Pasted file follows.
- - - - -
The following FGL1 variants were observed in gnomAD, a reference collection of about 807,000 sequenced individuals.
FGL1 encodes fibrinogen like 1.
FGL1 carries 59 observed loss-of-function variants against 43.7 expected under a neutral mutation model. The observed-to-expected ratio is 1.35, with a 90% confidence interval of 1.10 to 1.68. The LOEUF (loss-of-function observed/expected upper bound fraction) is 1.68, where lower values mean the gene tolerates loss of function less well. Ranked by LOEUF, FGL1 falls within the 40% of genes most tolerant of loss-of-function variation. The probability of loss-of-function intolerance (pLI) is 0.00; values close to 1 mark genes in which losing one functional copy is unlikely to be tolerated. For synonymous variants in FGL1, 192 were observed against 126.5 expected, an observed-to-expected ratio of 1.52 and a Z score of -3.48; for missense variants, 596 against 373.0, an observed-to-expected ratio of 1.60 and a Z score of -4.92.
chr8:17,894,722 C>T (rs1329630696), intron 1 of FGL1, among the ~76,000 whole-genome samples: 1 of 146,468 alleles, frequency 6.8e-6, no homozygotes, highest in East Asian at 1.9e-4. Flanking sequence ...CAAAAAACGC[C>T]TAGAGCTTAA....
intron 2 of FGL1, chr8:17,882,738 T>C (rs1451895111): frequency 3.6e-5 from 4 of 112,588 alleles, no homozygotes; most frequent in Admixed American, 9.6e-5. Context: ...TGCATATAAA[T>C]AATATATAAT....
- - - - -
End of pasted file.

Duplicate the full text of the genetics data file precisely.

The following FGL1 variants were observed in gnomAD, a reference collection of about 807,000 sequenced individuals.
FGL1 encodes fibrinogen like 1.
FGL1 carries 59 observed loss-of-function variants against 43.7 expected under a neutral mutation model. The observed-to-expected ratio is 1.35, with a 90% confidence interval of 1.10 to 1.68. The LOEUF (loss-of-function observed/expected upper bound fraction) is 1.68, where lower values mean the gene tolerates loss of function less well. Ranked by LOEUF, FGL1 falls within the 40% of genes most tolerant of loss-of-function variation. The probability of loss-of-function intolerance (pLI) is 0.00; values close to 1 mark genes in which losing one functional copy is unlikely to be tolerated. For synonymous variants in FGL1, 192 were observed against 126.5 expected, an observed-to-expected ratio of 1.52 and a Z score of -3.48; for missense variants, 596 against 373.0, an observed-to-expected ratio of 1.60 and a Z score of -4.92.
chr8:17,894,722 C>T (rs1329630696), intron 1 of FGL1, among the ~76,000 whole-genome samples: 1 of 146,468 alleles, frequency 6.8e-6, no homozygotes, highest in East Asian at 1.9e-4. Flanking sequence ...CAAAAAACGC[C>T]TAGAGCTTAA....
intron 2 of FGL1, chr8:17,882,738 T>C (rs1451895111): frequency 3.6e-5 from 4 of 112,588 alleles, no homozygotes; most frequent in Admixed American, 9.6e-5. Context: ...TGCATATAAA[T>C]AATATATAAT....